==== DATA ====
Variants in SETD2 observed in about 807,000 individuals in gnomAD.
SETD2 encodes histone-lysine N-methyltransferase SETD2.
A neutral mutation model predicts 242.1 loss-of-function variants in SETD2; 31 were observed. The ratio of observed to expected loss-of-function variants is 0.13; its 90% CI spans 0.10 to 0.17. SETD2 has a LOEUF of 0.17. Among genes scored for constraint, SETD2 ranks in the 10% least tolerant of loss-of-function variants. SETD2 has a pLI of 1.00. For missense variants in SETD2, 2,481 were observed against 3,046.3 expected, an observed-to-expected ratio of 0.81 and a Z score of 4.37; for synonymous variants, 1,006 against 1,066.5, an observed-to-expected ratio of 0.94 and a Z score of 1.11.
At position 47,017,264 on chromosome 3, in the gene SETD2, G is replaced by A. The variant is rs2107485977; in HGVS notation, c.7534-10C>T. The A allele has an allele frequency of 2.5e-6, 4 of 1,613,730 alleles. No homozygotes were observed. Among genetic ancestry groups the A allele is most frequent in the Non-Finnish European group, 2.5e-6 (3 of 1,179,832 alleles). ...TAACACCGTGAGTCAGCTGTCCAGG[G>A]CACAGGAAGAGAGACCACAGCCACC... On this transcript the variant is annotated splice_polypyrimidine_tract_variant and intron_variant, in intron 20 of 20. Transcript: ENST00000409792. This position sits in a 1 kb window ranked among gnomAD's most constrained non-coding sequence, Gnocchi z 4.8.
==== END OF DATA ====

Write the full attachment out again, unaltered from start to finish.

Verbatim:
Variants in SETD2 observed in about 807,000 individuals in gnomAD.
SETD2 encodes histone-lysine N-methyltransferase SETD2.
A neutral mutation model predicts 242.1 loss-of-function variants in SETD2; 31 were observed. The ratio of observed to expected loss-of-function variants is 0.13; its 90% CI spans 0.10 to 0.17. SETD2 has a LOEUF of 0.17. Among genes scored for constraint, SETD2 ranks in the 10% least tolerant of loss-of-function variants. SETD2 has a pLI of 1.00. For missense variants in SETD2, 2,481 were observed against 3,046.3 expected, an observed-to-expected ratio of 0.81 and a Z score of 4.37; for synonymous variants, 1,006 against 1,066.5, an observed-to-expected ratio of 0.94 and a Z score of 1.11.
At position 47,017,264 on chromosome 3, in the gene SETD2, G is replaced by A. The variant is rs2107485977; in HGVS notation, c.7534-10C>T. The A allele has an allele frequency of 2.5e-6, 4 of 1,613,730 alleles. No homozygotes were observed. Among genetic ancestry groups the A allele is most frequent in the Non-Finnish European group, 2.5e-6 (3 of 1,179,832 alleles). ...TAACACCGTGAGTCAGCTGTCCAGG[G>A]CACAGGAAGAGAGACCACAGCCACC... On this transcript the variant is annotated splice_polypyrimidine_tract_variant and intron_variant, in intron 20 of 20. Transcript: ENST00000409792. This position sits in a 1 kb window ranked among gnomAD's most constrained non-coding sequence, Gnocchi z 4.8.